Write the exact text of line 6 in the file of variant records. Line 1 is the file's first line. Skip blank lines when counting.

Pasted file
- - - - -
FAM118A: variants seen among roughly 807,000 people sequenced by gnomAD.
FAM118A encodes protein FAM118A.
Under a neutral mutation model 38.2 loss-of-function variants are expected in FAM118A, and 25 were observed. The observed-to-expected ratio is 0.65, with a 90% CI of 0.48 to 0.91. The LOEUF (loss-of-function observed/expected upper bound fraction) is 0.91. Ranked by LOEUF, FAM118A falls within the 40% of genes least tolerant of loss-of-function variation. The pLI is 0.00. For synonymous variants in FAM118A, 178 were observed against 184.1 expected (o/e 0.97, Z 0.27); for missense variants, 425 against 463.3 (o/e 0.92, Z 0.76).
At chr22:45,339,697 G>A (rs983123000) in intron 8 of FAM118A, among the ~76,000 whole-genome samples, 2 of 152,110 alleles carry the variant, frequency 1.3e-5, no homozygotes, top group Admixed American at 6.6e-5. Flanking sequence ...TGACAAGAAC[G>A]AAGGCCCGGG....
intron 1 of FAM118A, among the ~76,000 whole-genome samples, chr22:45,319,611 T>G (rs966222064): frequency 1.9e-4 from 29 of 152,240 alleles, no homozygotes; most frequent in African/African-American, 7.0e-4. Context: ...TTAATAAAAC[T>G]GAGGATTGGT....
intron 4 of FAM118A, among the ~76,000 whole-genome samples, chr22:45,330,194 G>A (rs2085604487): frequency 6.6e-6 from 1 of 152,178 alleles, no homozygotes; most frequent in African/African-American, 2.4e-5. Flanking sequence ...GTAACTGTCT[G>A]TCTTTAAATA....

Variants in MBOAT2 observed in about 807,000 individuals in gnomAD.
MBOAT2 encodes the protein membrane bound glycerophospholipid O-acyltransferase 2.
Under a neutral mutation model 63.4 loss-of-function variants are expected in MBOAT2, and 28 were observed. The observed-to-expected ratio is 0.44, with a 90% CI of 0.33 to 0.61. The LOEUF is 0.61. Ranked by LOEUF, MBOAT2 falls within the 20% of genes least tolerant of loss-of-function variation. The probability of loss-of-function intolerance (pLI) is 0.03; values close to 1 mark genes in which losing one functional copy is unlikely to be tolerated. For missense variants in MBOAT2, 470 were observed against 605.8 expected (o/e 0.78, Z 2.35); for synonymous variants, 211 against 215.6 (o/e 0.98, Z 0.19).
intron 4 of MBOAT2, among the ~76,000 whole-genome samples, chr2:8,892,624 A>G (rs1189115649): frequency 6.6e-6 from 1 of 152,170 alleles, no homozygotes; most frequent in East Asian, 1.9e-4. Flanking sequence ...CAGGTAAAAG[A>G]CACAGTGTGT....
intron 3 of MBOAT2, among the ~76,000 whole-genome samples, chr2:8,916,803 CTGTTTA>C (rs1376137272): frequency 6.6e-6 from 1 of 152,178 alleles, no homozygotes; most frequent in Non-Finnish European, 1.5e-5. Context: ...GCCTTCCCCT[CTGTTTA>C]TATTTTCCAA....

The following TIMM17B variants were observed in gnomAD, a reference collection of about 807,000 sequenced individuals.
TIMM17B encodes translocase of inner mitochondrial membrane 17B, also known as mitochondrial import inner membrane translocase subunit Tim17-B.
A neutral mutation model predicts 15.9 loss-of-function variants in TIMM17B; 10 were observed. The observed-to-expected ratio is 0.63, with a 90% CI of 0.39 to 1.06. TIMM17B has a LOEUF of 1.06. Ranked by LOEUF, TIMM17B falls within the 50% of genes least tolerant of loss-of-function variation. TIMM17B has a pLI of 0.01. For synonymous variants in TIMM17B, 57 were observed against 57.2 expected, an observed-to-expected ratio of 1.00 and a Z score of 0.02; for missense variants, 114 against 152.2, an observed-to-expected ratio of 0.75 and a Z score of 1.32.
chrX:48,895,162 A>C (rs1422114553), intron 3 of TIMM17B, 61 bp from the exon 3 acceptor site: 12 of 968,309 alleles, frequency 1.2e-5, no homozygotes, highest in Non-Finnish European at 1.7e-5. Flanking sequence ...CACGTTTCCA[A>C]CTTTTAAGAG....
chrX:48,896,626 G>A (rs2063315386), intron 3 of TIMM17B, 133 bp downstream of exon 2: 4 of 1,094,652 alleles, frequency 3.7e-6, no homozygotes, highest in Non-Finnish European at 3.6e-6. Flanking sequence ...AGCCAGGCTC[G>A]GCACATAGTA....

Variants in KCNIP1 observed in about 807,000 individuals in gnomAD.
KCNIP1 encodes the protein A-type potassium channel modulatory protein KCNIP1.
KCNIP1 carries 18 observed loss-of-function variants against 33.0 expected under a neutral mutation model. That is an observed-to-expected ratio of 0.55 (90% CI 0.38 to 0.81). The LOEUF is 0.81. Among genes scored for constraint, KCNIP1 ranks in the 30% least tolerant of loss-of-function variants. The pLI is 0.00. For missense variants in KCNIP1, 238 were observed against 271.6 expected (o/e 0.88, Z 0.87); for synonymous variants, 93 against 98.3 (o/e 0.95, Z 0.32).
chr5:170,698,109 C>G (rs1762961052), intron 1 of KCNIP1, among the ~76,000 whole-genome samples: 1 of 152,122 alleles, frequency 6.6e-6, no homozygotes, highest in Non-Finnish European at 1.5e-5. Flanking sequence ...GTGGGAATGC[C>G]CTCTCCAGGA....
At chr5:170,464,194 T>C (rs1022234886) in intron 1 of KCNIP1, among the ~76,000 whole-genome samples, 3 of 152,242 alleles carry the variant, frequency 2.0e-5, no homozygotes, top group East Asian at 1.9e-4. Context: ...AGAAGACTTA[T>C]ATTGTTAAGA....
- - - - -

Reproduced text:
intron 4 of FAM118A, among the ~76,000 whole-genome samples, chr22:45,330,194 G>A (rs2085604487): frequency 6.6e-6 from 1 of 152,178 alleles, no homozygotes; most frequent in African/African-American, 2.4e-5. Flanking sequence ...GTAACTGTCT[G>A]TCTTTAAATA....